I probably spend about as much time reading my words aloud as I do typing them into my computer. We may think we read books only with our eyes, but the mental circuitry of language connects to our ears. The ancient Sufi poets sometimes spoke of sifting the sands of a beach with one’s eyelashes to remove the pebbles of imperfection. That’s what reading aloud lets a writer do. It takes a lot of work and you can never remove all the pebbles, but it’s still the best way of gauging writing-in-progress that I know.

Mohsin Hamid

Reminds us of Matt Bell ("[T]here was never a day when I worked on the book in silence").

And of Frost, who remarked that "the ear is the only true writer and the only true reader." 

And, while we're at it, of Flaubert, who "once complained that his throat hurt — from too much writing." 

A Sentence as Clean as a Bone

Q: What are your first drafts like?

JAMES BALDWIN: They are overwritten. Most of the rewrite, then, is cleaning. Don’t describe it, show it. That’s what I try to teach all young writers — take it out! Don’t describe a purple sunset, make me see that it is purple.

Q: As your experience about writing accrues, what would you say increases with knowledge?

BALDWIN: You learn how little you know. It becomes much more difficult because the hardest thing in the world is simplicity. And the most fearful thing, too. It becomes more difficult because you have to strip yourself of all your disguises, some of which you didn’t know you had. You want to write a sentence as clean as a bone. That is the goal.

from The Paris Review, The Art of Fiction No. 78

The Sentence and Your Discontent

Sometimes it’s just the tiniest kernel of something you enjoyed writing. Then, once you put it down on the page, and write it and rewrite it, it’s actually your own discontent with it that, in some slow mysterious way, urges it to higher ground. And often it will do so in ways that surprise you.

—George Saunders, in "George Saunders: On Story," by Redglass Pictures

 

 

Teaching With the Most Unteachable Things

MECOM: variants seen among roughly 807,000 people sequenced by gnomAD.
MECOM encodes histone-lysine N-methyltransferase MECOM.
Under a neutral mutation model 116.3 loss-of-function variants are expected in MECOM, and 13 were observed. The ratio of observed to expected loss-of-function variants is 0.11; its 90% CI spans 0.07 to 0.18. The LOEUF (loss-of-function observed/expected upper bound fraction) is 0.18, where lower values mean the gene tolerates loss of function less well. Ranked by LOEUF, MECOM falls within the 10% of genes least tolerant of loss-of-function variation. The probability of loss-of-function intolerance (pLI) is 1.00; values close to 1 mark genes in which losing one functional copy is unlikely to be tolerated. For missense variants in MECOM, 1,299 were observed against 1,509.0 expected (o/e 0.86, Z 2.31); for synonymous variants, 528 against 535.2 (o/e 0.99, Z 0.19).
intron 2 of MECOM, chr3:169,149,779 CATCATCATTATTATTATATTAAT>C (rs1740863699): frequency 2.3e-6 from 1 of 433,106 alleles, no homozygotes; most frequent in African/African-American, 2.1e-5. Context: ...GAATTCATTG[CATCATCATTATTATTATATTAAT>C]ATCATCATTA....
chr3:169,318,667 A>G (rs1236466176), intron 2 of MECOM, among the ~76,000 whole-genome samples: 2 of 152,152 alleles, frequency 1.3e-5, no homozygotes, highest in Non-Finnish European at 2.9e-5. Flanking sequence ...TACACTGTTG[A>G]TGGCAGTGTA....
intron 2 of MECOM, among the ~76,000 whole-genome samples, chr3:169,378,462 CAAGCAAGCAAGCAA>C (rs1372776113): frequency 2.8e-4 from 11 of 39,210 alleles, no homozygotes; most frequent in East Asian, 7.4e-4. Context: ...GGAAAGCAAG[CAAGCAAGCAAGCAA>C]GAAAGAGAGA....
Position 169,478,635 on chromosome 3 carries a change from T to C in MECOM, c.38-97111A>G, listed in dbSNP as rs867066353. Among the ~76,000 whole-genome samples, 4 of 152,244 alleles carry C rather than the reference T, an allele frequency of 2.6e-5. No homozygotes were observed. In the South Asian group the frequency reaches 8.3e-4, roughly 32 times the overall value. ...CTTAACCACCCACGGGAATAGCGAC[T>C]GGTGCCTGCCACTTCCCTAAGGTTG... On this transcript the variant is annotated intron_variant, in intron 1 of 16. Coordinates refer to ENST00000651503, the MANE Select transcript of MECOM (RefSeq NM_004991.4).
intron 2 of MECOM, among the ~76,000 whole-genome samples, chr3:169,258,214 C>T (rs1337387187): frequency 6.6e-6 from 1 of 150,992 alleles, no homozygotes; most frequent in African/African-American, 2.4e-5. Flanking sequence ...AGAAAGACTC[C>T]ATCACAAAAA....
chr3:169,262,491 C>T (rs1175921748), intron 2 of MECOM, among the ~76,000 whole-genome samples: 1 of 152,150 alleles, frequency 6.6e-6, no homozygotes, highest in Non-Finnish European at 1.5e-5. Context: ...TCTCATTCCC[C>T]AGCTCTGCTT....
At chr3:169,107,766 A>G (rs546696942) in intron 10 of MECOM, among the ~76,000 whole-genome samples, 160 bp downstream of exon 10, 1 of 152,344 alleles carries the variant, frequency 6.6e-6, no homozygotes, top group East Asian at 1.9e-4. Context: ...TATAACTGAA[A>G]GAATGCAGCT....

"I realize that to encourage a perspective on words as unfixed, individual, moveable things, and to sustain a playful motivation to keep words in experimental movement, is of particular interest not only because students often find it very difficult to revise, to pick up and reposition words they've already set down. My interest has also grown from my observations of my own young (not-yet-writing) children at play."

Read More

On Writing Out Loud

“One thing that I’m sure helped me: I was constantly reading aloud from the book, from the first day of drafting to the last day of revision, years later. I’ve read the book out loud cover to cover multiple times, at the end of every major draft, and there was never a day when I worked on the book in silence. I think that there was also some want on my part to prove wrong a truism I’d heard too often in grad school and in other places: When I was in school, it seemed to be a given that an intense focus on language and acoustics couldn’t be carried over an entire novel, that this kind of voice was the province of the story, the poem, that it was too difficult for the writer, too exhausting for the reader. From the first time I heard someone say that, I didn’t believe it—there are plenty of books out there that prove otherwise—and I think I wanted to find out for myself what I could do at this length, with the kind of voices I’m drawn to.”

— Matt Bell, author of In the House upon the Dirt Between the Lake and the Woods (interviewed by Tin House)